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Wait just a moment

November 30, 2023   ·   0 Comments


It was July, 1863, shortly after the Battle of Gettysburg during the American Civil War, when U.S. President Abraham Lincoln wrote a correspondence to General George Meade, army commander, regarding his leadership following the battle.

The Confederate army had been defeated at the Battle of Gettysburg and were on the run. The Confederates were slowed in their retreat by flood waters that stopped them from crossing a river.

The battle itself was a massive event with close to 200,000 soldiers from two armies taking part.

At the end of three days, the casualty figures topped 50,000.

The Union army did not pursue the rebels with much haste. Several minor skirmishes took place, but for the most part, General Meade kept his troops in check.

The battle was a turning point in the war and left the Union army with a great advantage.

In a time when correspondence and communication took days to arrive, and arrived by courier on horseback, instructions to battlefield commanders were delivered by letters and correspondence.

Upon hearing the results of the battle, and what happened afterword, Lincoln was furious. It was his position that Meade should have pursued the fleeing Confederate army, cornered them at the swollen river, and finished them off.

He penned a letter to Meade detailing his disappointment at the General’s decision, citing the fact that he still had 20,000 veteran troops, and many more raw recruits that he could have used in the final attack.

Lincoln wrote: “He was within your easy grasp, and to have closed upon him would, in connection with our other late successes, have ended the war – As it is, the war will be prolonged indefinitely. If you could not safely attack Lee last Monday, how can you possibly do so South of the river, when you can take with you very few more than two thirds of the force you then had in hand? It would be unreasonable to expect, and I do not expect you can now effect much. Your golden opportunity is gone, and I am distressed immeasurably because of it.”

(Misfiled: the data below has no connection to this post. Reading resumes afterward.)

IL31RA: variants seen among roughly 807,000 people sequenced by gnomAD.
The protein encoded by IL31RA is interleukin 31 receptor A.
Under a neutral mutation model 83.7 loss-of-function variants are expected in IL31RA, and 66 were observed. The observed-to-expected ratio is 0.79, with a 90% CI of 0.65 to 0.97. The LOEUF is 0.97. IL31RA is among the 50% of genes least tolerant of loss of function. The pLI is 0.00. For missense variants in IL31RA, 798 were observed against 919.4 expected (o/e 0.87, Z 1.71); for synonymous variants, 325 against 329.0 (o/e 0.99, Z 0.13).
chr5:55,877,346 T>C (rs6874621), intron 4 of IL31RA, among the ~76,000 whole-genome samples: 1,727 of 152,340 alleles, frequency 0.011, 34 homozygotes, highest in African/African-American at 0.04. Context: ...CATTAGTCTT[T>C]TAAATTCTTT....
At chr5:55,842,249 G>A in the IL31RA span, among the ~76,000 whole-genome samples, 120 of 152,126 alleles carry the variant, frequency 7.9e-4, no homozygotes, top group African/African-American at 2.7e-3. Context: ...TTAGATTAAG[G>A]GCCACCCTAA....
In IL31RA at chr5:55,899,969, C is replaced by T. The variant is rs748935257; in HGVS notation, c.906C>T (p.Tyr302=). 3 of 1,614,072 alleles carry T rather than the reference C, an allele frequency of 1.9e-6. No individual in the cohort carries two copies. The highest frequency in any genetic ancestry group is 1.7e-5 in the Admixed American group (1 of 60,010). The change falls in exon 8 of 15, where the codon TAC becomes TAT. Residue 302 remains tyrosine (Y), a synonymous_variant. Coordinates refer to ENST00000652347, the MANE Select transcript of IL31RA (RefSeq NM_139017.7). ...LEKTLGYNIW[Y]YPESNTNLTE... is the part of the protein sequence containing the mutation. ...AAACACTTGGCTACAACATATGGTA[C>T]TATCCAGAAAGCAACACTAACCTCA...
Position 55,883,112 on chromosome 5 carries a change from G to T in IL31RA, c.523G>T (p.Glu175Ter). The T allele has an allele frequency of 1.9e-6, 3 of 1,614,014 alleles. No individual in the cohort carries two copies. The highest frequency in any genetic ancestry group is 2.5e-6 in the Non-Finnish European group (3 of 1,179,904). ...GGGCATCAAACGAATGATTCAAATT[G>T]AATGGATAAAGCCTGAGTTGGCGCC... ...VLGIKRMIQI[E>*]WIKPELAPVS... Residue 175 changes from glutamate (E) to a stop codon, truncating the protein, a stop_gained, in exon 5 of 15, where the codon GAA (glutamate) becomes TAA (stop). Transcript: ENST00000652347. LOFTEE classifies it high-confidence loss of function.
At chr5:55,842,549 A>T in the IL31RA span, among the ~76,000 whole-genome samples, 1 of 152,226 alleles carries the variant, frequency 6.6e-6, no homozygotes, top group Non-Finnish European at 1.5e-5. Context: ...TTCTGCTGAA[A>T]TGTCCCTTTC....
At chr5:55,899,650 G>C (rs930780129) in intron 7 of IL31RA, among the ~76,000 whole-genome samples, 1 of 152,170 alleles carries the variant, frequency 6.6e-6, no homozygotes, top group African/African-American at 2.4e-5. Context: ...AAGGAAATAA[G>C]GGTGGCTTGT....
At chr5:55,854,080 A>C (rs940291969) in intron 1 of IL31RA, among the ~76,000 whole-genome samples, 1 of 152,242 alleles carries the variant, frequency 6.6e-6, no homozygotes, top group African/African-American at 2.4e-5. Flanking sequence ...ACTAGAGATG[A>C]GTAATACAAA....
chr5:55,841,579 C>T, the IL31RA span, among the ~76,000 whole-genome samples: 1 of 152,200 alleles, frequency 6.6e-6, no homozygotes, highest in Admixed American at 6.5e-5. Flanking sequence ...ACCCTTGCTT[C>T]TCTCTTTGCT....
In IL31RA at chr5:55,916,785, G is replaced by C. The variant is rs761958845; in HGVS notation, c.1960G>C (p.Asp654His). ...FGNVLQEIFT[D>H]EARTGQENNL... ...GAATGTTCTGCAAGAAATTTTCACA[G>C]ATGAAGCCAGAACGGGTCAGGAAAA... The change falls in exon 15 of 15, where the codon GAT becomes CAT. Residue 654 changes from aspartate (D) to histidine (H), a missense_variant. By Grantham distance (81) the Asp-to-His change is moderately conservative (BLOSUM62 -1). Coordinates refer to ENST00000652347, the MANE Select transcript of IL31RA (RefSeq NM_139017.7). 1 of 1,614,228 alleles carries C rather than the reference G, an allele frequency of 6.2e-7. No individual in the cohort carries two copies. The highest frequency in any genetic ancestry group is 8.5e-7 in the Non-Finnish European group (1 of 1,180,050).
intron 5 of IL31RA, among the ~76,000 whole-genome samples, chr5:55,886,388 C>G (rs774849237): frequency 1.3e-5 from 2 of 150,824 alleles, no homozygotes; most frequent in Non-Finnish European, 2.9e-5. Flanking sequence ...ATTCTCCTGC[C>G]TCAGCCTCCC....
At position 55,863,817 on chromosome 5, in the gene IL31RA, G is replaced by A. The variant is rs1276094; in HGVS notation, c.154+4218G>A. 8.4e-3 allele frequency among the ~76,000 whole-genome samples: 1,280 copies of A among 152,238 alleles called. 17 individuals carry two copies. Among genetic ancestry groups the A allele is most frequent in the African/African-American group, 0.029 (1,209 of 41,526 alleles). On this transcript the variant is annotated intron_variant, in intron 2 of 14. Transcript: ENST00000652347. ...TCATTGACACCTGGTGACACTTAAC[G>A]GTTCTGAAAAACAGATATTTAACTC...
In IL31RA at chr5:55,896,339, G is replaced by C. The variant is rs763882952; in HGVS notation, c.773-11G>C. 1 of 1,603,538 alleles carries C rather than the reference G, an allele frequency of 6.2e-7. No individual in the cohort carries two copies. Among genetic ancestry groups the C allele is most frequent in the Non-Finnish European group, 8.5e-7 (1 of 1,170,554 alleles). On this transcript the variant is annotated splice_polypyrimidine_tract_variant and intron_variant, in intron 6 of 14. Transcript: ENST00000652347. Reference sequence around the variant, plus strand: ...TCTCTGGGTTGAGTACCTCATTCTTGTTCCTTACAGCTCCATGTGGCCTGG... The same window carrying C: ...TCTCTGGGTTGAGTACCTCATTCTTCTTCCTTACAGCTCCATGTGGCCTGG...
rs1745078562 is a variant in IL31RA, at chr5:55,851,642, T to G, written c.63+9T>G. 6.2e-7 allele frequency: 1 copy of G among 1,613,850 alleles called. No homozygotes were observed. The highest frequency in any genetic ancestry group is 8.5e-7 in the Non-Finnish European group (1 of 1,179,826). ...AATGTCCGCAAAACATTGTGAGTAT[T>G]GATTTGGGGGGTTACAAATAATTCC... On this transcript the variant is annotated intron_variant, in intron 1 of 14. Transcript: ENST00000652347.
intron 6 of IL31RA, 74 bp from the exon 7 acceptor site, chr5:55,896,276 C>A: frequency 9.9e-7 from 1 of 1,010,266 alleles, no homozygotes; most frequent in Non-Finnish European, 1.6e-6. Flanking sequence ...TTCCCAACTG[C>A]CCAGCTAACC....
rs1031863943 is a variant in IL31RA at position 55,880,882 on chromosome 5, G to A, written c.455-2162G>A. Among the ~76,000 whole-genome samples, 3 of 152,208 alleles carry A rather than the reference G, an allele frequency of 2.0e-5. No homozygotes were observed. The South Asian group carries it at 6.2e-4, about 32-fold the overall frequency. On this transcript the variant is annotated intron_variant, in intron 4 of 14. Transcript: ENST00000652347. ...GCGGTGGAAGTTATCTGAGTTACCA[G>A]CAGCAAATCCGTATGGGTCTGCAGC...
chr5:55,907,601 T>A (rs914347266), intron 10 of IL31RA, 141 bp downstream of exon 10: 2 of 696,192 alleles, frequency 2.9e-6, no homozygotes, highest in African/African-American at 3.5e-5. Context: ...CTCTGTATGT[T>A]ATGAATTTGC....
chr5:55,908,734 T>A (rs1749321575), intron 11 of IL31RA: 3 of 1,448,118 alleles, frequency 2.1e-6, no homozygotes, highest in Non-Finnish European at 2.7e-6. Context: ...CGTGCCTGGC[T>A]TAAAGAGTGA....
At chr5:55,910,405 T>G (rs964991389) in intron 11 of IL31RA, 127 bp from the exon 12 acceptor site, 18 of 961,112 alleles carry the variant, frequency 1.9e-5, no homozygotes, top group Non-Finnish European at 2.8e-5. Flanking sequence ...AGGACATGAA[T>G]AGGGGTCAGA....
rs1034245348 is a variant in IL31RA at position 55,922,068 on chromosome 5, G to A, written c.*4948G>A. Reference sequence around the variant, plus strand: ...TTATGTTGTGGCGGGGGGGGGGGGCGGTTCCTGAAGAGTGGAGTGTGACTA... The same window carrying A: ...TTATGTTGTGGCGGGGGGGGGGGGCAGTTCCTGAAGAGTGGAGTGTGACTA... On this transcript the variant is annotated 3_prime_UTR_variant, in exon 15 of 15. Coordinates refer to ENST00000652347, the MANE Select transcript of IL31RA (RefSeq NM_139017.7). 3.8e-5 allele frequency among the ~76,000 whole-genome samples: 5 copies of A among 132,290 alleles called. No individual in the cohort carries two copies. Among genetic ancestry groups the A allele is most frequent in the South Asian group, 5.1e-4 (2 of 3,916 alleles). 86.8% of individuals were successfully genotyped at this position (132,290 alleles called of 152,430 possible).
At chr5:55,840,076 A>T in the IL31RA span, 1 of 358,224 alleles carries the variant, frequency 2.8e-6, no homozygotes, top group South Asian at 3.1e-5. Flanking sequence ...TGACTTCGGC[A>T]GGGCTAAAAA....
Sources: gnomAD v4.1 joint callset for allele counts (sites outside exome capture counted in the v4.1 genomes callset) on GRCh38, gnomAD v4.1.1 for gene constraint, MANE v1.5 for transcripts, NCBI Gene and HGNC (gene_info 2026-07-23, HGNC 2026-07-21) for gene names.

The letter was an attack on Meade’s ability as a commander and questioned his choices to the point of saying he was incompetent to lead the army.

Then Lincoln did something, which was common for him. He filed the letter away.

A few days later, he re-read the letter, only this time under the light of some sober second thought.

He realized that Meade had just been through three days of a living hell, seeing 25,000 of his own men wounded or dying on the battlefield. The toll on him must have been enormous. It was no wonder he didn’t order his troops to attack a fleeing enemy and witness yet another day of bloodshed in what would have been a massacre, with one army almost out of ammunition and their path of escape blocked.

Lincoln wrote a new letter to Meade. Only this time, instead of chastising him for a missed opportunity, he praised him for his success in the main battle.

A sober second thought is something we should practice daily. How often are words thrown around in anger or without that lead to an even greater challenge.

Sports organizations are now urging players, coaches, and parents to follow this rule of thought.

They are urging people to think, before saying something stupid.

Many sports are going through a tough time because of a lack of officials. People are just giving up and don’t want do a job where they are verbally abused, or sometimes worse.

This past week, a hockey coach in Nova Scotia was charged after leaving the bench and physically assaulting a referee on the ice. This was during a game for players in the nine- and ten-year-old division.

Not only is he going to be fined, maybe more, and have a record – this happened in front of a lot of witnesses – his involvement in hockey will be over. I can’t see any league allowing this coach to ever be on the bench ever again.

The ruckus was started after a hit on the ice. One parent in the stands decided to protest the hit by throwing a cowbell on the ice surface. Bad decisions all around.

Taking a moment to think about what you are going to say at the spur of the moment can have a huge impact on the rest of yours, and someone else’s day.

Once something is said, you can’t take it back.

It’s better to be safe, than sorry.



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